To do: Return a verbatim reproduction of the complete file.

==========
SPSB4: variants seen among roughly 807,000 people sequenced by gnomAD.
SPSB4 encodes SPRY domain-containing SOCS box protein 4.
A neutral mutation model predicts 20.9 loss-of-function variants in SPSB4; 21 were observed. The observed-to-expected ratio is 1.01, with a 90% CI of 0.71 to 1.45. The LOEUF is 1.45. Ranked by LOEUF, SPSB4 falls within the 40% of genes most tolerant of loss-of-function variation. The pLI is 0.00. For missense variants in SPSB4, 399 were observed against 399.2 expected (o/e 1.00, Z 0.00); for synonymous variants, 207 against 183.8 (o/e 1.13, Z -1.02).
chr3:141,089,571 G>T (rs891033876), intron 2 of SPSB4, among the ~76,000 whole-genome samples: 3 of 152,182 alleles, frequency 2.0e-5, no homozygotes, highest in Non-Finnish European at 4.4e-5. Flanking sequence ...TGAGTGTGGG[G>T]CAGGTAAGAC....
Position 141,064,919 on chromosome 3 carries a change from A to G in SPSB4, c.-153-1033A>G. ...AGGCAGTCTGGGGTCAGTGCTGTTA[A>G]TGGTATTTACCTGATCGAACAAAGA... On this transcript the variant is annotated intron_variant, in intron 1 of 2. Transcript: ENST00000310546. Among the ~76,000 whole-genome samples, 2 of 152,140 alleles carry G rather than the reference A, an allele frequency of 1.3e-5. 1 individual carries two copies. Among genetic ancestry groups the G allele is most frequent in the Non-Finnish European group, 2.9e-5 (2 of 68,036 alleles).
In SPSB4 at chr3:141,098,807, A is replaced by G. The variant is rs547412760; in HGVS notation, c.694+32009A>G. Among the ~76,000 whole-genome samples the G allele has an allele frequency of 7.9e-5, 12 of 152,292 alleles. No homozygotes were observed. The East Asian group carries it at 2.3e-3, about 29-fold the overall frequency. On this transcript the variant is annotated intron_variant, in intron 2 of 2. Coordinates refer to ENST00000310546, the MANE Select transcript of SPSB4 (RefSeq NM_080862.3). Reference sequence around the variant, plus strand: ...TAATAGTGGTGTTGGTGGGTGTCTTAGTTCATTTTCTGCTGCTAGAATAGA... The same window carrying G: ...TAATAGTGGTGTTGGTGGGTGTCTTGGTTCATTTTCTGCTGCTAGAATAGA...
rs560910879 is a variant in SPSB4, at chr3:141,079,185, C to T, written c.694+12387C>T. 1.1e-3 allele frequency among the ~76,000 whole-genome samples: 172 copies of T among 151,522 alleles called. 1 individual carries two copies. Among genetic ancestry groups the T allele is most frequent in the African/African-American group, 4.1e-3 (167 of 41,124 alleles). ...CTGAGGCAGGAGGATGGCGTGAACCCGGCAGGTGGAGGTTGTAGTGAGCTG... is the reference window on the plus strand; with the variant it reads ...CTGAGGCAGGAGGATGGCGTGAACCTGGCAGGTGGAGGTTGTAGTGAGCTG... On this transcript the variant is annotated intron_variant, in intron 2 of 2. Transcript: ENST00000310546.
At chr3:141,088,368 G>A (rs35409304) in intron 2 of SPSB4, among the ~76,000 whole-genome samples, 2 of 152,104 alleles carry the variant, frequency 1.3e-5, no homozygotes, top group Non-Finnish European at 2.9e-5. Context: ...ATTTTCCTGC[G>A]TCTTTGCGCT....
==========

SPSB4: variants seen among roughly 807,000 people sequenced by gnomAD.
SPSB4 encodes SPRY domain-containing SOCS box protein 4.
A neutral mutation model predicts 20.9 loss-of-function variants in SPSB4; 21 were observed. The observed-to-expected ratio is 1.01, with a 90% CI of 0.71 to 1.45. The LOEUF is 1.45. Ranked by LOEUF, SPSB4 falls within the 40% of genes most tolerant of loss-of-function variation. The pLI is 0.00. For missense variants in SPSB4, 399 were observed against 399.2 expected (o/e 1.00, Z 0.00); for synonymous variants, 207 against 183.8 (o/e 1.13, Z -1.02).
chr3:141,089,571 G>T (rs891033876), intron 2 of SPSB4, among the ~76,000 whole-genome samples: 3 of 152,182 alleles, frequency 2.0e-5, no homozygotes, highest in Non-Finnish European at 4.4e-5. Flanking sequence ...TGAGTGTGGG[G>T]CAGGTAAGAC....
Position 141,064,919 on chromosome 3 carries a change from A to G in SPSB4, c.-153-1033A>G. ...AGGCAGTCTGGGGTCAGTGCTGTTA[A>G]TGGTATTTACCTGATCGAACAAAGA... On this transcript the variant is annotated intron_variant, in intron 1 of 2. Transcript: ENST00000310546. Among the ~76,000 whole-genome samples, 2 of 152,140 alleles carry G rather than the reference A, an allele frequency of 1.3e-5. 1 individual carries two copies. Among genetic ancestry groups the G allele is most frequent in the Non-Finnish European group, 2.9e-5 (2 of 68,036 alleles).
In SPSB4 at chr3:141,098,807, A is replaced by G. The variant is rs547412760; in HGVS notation, c.694+32009A>G. Among the ~76,000 whole-genome samples the G allele has an allele frequency of 7.9e-5, 12 of 152,292 alleles. No homozygotes were observed. The East Asian group carries it at 2.3e-3, about 29-fold the overall frequency. On this transcript the variant is annotated intron_variant, in intron 2 of 2. Coordinates refer to ENST00000310546, the MANE Select transcript of SPSB4 (RefSeq NM_080862.3). Reference sequence around the variant, plus strand: ...TAATAGTGGTGTTGGTGGGTGTCTTAGTTCATTTTCTGCTGCTAGAATAGA... The same window carrying G: ...TAATAGTGGTGTTGGTGGGTGTCTTGGTTCATTTTCTGCTGCTAGAATAGA...
rs560910879 is a variant in SPSB4, at chr3:141,079,185, C to T, written c.694+12387C>T. 1.1e-3 allele frequency among the ~76,000 whole-genome samples: 172 copies of T among 151,522 alleles called. 1 individual carries two copies. Among genetic ancestry groups the T allele is most frequent in the African/African-American group, 4.1e-3 (167 of 41,124 alleles). ...CTGAGGCAGGAGGATGGCGTGAACCCGGCAGGTGGAGGTTGTAGTGAGCTG... is the reference window on the plus strand; with the variant it reads ...CTGAGGCAGGAGGATGGCGTGAACCTGGCAGGTGGAGGTTGTAGTGAGCTG... On this transcript the variant is annotated intron_variant, in intron 2 of 2. Transcript: ENST00000310546.
At chr3:141,088,368 G>A (rs35409304) in intron 2 of SPSB4, among the ~76,000 whole-genome samples, 2 of 152,104 alleles carry the variant, frequency 1.3e-5, no homozygotes, top group Non-Finnish European at 2.9e-5. Context: ...ATTTTCCTGC[G>A]TCTTTGCGCT....